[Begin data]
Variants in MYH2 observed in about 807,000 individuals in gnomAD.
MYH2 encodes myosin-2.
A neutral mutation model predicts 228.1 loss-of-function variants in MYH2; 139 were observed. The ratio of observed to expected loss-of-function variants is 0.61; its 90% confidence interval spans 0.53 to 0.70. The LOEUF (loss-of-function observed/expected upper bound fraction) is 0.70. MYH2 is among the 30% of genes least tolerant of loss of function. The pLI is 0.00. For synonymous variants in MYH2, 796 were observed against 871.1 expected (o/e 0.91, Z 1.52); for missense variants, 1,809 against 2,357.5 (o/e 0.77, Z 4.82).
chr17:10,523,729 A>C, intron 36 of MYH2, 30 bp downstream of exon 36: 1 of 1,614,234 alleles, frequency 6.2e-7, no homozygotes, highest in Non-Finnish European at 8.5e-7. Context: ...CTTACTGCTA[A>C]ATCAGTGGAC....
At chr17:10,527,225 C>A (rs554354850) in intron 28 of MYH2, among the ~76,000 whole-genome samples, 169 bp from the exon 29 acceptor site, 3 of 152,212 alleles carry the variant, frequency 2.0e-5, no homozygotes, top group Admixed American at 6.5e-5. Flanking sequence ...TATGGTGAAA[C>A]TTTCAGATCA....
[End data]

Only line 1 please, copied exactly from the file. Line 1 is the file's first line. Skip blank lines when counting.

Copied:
Variants in MYH2 observed in about 807,000 individuals in gnomAD.